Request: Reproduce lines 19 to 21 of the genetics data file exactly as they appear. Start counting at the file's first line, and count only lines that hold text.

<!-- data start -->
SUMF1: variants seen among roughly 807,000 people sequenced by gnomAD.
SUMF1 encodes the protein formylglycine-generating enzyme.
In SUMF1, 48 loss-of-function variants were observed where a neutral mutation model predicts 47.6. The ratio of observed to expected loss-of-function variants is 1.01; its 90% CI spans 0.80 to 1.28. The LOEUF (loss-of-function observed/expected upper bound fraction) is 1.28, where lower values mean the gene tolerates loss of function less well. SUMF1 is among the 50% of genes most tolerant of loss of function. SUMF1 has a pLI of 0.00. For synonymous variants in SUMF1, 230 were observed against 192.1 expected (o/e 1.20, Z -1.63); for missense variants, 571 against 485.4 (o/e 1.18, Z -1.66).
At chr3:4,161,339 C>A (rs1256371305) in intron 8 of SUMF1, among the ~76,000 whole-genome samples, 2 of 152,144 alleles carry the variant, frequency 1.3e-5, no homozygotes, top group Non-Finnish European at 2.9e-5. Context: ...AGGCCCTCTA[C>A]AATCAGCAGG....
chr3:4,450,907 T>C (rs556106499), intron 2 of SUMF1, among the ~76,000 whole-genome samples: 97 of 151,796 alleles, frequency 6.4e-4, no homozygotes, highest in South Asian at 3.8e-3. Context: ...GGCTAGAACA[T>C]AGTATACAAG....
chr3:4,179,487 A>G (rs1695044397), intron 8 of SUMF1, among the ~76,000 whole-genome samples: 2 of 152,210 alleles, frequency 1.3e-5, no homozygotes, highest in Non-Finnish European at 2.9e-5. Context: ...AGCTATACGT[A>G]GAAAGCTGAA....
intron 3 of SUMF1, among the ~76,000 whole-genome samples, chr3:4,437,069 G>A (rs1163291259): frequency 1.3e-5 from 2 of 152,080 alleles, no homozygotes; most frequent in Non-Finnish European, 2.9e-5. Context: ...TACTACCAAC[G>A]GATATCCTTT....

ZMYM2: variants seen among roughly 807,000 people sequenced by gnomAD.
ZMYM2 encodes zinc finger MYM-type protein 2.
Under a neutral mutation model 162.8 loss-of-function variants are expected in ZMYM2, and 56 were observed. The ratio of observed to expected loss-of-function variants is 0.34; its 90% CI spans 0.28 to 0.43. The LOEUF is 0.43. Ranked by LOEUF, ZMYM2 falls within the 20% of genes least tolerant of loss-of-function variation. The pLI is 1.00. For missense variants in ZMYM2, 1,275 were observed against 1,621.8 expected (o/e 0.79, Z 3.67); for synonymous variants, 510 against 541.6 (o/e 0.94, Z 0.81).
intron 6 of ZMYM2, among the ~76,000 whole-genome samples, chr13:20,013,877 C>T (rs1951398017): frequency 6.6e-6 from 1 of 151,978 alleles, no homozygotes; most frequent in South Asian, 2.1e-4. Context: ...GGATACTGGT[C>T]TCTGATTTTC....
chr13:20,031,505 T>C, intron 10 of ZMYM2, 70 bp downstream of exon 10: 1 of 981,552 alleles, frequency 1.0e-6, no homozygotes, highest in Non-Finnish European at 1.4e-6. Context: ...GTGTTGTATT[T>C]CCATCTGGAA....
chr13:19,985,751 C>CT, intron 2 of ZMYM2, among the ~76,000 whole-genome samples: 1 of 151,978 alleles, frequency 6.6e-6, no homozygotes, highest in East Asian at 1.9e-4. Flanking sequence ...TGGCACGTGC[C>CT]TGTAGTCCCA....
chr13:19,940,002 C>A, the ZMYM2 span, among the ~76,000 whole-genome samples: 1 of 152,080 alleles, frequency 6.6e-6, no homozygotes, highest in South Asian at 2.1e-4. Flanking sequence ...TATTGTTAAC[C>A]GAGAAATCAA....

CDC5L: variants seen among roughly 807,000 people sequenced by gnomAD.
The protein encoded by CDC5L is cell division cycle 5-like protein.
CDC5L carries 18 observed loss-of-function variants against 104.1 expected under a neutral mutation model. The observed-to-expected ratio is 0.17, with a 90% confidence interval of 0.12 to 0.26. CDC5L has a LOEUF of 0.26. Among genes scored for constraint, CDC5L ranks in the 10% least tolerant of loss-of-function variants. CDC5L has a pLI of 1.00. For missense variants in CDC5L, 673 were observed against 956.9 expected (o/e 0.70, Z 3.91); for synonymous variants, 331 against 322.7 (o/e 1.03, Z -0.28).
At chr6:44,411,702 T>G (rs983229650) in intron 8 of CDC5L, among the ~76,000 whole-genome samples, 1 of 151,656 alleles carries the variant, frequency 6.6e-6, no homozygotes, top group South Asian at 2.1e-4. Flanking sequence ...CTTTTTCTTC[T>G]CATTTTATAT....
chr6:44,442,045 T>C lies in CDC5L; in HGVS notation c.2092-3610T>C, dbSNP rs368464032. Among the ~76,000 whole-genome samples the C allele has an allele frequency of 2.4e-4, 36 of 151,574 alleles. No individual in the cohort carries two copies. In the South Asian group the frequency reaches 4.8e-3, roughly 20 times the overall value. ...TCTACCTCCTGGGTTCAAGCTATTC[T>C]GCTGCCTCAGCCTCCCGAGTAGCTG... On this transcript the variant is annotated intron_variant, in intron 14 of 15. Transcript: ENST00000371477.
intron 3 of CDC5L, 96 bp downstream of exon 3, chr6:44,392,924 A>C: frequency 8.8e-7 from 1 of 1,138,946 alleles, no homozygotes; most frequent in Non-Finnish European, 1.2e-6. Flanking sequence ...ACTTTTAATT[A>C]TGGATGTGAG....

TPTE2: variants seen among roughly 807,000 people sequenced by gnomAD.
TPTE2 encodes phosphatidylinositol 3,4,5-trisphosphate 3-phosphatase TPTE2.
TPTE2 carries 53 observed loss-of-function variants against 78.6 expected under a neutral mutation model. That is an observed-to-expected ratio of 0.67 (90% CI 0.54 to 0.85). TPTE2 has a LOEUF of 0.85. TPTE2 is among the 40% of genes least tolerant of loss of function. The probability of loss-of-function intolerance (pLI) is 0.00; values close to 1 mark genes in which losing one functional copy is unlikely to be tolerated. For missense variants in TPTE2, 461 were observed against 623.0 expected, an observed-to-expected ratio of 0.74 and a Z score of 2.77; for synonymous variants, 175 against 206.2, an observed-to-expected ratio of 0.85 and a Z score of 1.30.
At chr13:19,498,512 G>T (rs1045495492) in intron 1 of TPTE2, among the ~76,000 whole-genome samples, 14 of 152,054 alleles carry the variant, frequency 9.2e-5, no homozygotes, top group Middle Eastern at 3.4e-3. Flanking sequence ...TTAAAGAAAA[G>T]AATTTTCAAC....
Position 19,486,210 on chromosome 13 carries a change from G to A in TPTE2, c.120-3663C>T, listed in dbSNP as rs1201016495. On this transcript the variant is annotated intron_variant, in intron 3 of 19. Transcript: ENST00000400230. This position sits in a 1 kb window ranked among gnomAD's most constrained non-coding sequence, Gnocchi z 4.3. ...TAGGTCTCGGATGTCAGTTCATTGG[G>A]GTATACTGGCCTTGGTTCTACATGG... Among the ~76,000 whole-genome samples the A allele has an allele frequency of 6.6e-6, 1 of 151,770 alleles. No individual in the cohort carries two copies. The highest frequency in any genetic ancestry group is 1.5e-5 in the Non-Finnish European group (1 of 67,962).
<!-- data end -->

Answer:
chr6:44,442,045 T>C lies in CDC5L; in HGVS notation c.2092-3610T>C, dbSNP rs368464032. Among the ~76,000 whole-genome samples the C allele has an allele frequency of 2.4e-4, 36 of 151,574 alleles. No individual in the cohort carries two copies. In the South Asian group the frequency reaches 4.8e-3, roughly 20 times the overall value. ...TCTACCTCCTGGGTTCAAGCTATTC[T>C]GCTGCCTCAGCCTCCCGAGTAGCTG... On this transcript the variant is annotated intron_variant, in intron 14 of 15. Transcript: ENST00000371477.
intron 3 of CDC5L, 96 bp downstream of exon 3, chr6:44,392,924 A>C: frequency 8.8e-7 from 1 of 1,138,946 alleles, no homozygotes; most frequent in Non-Finnish European, 1.2e-6. Flanking sequence ...ACTTTTAATT[A>C]TGGATGTGAG....

TPTE2: variants seen among roughly 807,000 people sequenced by gnomAD.